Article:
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Polio breaks out in Rio de Janeiro, the serum is in Santiago and there's only one way to get the medicine where it's desperately needed: flown in by daring pilots who risk the treacherous weather and forbidding peaks of the Andes.
Canadian Mountie Steve Wagner captures a German Luftwaffe officer on a spy mission, who later escapes from the prison camp. To catch the spy ring, the Mounties employ a ruse so that the spies, believing Steve to be sympathetic, enlist him in their plans.Written by
Diana Hamilton <firstname.lastname@example.org>
When Inspector Barnett (Tom Tully) deciphers Corporal Wagner's (Errol Flynn's) "221" code as meaning that Wagner would be heading north-northwest from the map-point, he motions west-northwest on the map, not north-northwest. See more »
Errol Flynn stars in "Northern Pursuit," a 1943 propaganda film directed by Raoul Walsh. It also stars Helmut Dantine, Gene Lockhart, and Julie Bishop.
Walsh told a story of how Jack Warner used to call him up to his office and tell him he had to direct a script for him. Warner would have no details, not even the cast. "Some bum," he would say, when Walsh asked him who was in it. This scenario might have been the case for "Northern Pursuit." Flynn and Walsh were very close friends, but they both might have been blind-sided into this one by dear old Jack.
The premise story concerns Nazis in Canada who are trying to get way into the Canadian wilderness, where parts of a bomber have been hidden. Once assembled, it's going to take out the St. Lawrence Seaway. More than a little preposterous. Flynn is a mountie whose character is of German descent, so he goes undercover and, knowing the area, helps the Nazis on their journey.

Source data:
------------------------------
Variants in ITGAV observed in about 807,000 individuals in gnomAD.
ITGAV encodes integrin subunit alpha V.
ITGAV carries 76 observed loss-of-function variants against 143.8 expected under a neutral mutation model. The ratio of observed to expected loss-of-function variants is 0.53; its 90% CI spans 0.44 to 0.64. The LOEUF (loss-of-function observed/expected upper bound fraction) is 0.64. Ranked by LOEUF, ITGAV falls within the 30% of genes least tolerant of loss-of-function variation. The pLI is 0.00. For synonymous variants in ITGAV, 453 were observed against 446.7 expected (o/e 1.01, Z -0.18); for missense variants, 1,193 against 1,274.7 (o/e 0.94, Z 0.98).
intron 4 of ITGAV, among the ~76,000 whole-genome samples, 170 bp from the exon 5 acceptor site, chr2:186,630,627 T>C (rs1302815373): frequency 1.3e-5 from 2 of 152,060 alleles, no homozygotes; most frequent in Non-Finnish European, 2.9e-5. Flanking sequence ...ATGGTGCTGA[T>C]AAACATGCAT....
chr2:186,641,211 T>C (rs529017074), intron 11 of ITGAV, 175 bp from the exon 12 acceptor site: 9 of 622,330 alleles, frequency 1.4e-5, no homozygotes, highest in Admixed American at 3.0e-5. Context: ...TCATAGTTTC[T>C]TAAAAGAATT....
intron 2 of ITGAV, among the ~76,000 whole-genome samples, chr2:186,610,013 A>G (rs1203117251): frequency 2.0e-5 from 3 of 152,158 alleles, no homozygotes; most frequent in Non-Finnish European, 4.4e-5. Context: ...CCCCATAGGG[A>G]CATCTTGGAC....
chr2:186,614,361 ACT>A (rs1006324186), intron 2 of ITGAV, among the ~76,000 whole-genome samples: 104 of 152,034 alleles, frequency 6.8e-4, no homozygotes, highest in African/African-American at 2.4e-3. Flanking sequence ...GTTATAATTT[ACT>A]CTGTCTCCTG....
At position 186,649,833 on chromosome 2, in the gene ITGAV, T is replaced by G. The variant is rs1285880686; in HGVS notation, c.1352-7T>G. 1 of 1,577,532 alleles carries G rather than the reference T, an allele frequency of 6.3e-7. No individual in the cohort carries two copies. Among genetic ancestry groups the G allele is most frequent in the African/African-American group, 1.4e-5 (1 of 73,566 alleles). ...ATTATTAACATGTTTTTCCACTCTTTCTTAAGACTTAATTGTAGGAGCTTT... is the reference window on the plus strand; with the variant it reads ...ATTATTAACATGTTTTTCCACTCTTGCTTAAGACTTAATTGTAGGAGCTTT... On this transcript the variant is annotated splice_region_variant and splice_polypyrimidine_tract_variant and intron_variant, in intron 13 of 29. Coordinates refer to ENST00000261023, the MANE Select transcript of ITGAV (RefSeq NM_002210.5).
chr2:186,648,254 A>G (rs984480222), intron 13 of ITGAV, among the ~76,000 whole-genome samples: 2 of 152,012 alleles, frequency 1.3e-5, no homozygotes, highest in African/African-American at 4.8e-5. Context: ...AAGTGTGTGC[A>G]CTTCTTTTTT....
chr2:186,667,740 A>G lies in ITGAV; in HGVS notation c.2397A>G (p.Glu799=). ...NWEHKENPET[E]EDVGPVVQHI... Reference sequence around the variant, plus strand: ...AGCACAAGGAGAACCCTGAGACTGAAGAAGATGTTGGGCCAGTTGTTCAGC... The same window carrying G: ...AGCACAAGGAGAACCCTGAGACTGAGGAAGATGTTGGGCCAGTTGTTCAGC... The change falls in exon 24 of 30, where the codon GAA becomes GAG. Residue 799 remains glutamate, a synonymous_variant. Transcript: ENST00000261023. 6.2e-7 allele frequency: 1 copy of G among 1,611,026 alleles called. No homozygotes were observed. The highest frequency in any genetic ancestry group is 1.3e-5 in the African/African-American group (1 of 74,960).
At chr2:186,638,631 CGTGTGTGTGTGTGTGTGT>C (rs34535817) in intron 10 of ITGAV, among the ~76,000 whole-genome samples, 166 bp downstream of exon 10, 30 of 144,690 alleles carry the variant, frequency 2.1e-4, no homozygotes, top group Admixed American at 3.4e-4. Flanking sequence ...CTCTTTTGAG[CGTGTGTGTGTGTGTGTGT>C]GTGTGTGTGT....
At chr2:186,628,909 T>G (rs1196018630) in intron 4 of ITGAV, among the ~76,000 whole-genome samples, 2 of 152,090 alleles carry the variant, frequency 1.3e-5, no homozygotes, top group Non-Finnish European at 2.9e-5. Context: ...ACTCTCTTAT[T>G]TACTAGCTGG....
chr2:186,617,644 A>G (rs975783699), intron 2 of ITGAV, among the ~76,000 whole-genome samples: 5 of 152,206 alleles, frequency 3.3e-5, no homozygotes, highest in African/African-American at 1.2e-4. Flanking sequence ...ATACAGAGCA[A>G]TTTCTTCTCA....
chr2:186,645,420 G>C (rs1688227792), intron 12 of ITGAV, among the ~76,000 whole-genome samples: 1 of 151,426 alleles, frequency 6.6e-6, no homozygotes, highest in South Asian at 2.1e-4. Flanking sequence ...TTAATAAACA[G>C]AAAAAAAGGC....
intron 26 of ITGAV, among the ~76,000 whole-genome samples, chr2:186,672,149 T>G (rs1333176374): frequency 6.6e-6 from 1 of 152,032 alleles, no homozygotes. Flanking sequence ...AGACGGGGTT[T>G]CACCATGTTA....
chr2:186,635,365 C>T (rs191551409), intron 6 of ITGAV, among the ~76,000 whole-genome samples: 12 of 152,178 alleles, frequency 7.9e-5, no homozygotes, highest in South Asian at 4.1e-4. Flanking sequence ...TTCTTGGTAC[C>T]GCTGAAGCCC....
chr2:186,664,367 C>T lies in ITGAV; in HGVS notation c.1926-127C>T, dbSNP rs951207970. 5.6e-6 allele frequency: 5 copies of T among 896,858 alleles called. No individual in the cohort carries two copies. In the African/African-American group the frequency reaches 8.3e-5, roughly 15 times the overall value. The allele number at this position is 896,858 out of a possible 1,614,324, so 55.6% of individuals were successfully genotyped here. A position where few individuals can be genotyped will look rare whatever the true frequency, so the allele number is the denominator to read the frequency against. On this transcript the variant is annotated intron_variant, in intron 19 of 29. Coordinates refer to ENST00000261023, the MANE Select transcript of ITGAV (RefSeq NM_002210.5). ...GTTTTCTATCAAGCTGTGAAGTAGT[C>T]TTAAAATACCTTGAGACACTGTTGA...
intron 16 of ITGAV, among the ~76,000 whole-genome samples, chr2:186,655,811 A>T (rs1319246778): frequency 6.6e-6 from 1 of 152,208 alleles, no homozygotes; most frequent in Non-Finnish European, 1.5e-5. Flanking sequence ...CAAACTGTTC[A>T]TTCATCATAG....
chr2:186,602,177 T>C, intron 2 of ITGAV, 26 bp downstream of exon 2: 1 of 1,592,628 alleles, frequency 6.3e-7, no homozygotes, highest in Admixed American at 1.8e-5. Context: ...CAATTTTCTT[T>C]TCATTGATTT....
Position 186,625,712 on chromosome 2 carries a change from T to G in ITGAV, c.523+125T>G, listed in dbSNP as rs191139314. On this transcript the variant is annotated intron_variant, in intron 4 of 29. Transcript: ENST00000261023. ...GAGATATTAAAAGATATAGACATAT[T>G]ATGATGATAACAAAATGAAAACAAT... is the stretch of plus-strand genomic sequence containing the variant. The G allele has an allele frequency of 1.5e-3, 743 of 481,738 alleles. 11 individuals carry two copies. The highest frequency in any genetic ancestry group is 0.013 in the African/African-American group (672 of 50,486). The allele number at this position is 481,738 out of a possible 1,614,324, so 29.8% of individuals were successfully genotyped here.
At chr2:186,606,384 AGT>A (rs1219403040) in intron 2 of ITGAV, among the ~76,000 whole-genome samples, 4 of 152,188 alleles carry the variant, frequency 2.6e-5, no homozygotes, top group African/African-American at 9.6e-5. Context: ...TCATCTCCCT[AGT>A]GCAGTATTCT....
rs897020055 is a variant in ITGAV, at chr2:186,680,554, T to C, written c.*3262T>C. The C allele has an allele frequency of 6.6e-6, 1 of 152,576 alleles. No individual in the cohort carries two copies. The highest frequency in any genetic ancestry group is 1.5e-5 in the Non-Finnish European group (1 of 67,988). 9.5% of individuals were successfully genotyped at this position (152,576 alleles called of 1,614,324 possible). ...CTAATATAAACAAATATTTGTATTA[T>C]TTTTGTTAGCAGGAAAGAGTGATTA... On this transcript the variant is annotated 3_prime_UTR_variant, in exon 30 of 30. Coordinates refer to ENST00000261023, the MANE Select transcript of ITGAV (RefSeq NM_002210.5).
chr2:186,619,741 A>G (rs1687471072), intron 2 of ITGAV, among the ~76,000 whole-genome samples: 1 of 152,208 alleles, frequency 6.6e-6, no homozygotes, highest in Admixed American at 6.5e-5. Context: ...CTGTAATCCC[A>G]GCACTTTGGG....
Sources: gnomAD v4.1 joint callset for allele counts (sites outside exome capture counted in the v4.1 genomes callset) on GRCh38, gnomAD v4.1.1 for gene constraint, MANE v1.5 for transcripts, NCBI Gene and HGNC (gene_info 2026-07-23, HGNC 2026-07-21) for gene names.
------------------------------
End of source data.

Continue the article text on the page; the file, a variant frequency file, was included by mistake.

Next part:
Even if you ignore this plot, and you have to in order to get through the movie, it's pretty slow going. There are some exciting scenes, but this isn't your usual Flynn adventure film. Helmut Dantine and Gene Lockhart give excellent performances, though, and handsome, charismatic Flynn does as well as he can given the circumstances.
A youngster on this board trashed this movie, the 1940s audiences, and propaganda films in general, making mention of the "special effects." Given that this was filmed on a Warner sound stage without benefit of CGI and a computer, the film looks pretty good, with some very effective effects. I don't think the 1940s audiences were stupid -rather, I think the audiences today have been dumbed down. Propaganda movies weren't so that audiences would hate the enemy. I have a feeling they already did. They were done to keep up the morale during a very difficult time in this country. "Northern Pursuit" isn't particularly representative of the genre. When you consider the number of films the studios put out, they had a very high number of excellent ones. Okay, so this isn't one of them.
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